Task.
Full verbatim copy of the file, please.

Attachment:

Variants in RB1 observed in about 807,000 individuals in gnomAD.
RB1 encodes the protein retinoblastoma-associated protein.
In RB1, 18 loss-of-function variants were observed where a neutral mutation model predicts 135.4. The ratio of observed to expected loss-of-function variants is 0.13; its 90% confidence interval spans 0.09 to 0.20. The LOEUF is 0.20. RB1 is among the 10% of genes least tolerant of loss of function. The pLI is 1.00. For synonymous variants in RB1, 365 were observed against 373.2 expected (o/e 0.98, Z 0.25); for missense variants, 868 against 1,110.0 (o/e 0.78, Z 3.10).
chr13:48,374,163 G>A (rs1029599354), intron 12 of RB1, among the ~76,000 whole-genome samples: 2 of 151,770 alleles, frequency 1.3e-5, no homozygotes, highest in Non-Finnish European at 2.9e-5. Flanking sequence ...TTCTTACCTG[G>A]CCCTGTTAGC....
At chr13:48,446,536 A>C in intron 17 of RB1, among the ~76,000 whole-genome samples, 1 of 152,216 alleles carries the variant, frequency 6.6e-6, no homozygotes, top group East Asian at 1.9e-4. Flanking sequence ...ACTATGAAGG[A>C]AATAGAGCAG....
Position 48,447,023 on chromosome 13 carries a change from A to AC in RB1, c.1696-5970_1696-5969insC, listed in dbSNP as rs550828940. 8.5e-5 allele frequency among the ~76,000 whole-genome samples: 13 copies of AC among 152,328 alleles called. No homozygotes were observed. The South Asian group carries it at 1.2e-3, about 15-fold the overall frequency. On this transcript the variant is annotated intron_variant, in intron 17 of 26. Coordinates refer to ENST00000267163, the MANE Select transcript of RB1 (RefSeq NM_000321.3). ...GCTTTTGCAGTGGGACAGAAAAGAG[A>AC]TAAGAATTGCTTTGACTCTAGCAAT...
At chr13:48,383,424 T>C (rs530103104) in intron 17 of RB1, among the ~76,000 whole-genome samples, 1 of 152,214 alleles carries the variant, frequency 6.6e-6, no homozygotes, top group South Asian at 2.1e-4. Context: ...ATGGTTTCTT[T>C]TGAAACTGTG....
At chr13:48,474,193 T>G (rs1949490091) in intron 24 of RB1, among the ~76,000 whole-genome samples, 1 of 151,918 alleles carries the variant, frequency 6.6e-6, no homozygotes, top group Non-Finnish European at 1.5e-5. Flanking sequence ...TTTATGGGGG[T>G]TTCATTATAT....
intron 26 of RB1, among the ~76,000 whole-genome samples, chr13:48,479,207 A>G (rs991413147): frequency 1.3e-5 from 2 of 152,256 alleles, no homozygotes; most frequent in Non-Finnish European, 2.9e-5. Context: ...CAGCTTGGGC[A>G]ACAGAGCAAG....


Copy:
Variants in RB1 observed in about 807,000 individuals in gnomAD.
RB1 encodes the protein retinoblastoma-associated protein.
In RB1, 18 loss-of-function variants were observed where a neutral mutation model predicts 135.4. The ratio of observed to expected loss-of-function variants is 0.13; its 90% confidence interval spans 0.09 to 0.20. The LOEUF is 0.20. RB1 is among the 10% of genes least tolerant of loss of function. The pLI is 1.00. For synonymous variants in RB1, 365 were observed against 373.2 expected (o/e 0.98, Z 0.25); for missense variants, 868 against 1,110.0 (o/e 0.78, Z 3.10).
chr13:48,374,163 G>A (rs1029599354), intron 12 of RB1, among the ~76,000 whole-genome samples: 2 of 151,770 alleles, frequency 1.3e-5, no homozygotes, highest in Non-Finnish European at 2.9e-5. Flanking sequence ...TTCTTACCTG[G>A]CCCTGTTAGC....
At chr13:48,446,536 A>C in intron 17 of RB1, among the ~76,000 whole-genome samples, 1 of 152,216 alleles carries the variant, frequency 6.6e-6, no homozygotes, top group East Asian at 1.9e-4. Flanking sequence ...ACTATGAAGG[A>C]AATAGAGCAG....
Position 48,447,023 on chromosome 13 carries a change from A to AC in RB1, c.1696-5970_1696-5969insC, listed in dbSNP as rs550828940. 8.5e-5 allele frequency among the ~76,000 whole-genome samples: 13 copies of AC among 152,328 alleles called. No homozygotes were observed. The South Asian group carries it at 1.2e-3, about 15-fold the overall frequency. On this transcript the variant is annotated intron_variant, in intron 17 of 26. Coordinates refer to ENST00000267163, the MANE Select transcript of RB1 (RefSeq NM_000321.3). ...GCTTTTGCAGTGGGACAGAAAAGAG[A>AC]TAAGAATTGCTTTGACTCTAGCAAT...
At chr13:48,383,424 T>C (rs530103104) in intron 17 of RB1, among the ~76,000 whole-genome samples, 1 of 152,214 alleles carries the variant, frequency 6.6e-6, no homozygotes, top group South Asian at 2.1e-4. Context: ...ATGGTTTCTT[T>C]TGAAACTGTG....
At chr13:48,474,193 T>G (rs1949490091) in intron 24 of RB1, among the ~76,000 whole-genome samples, 1 of 151,918 alleles carries the variant, frequency 6.6e-6, no homozygotes, top group Non-Finnish European at 1.5e-5. Flanking sequence ...TTTATGGGGG[T>G]TTCATTATAT....
intron 26 of RB1, among the ~76,000 whole-genome samples, chr13:48,479,207 A>G (rs991413147): frequency 1.3e-5 from 2 of 152,256 alleles, no homozygotes; most frequent in Non-Finnish European, 2.9e-5. Context: ...CAGCTTGGGC[A>G]ACAGAGCAAG....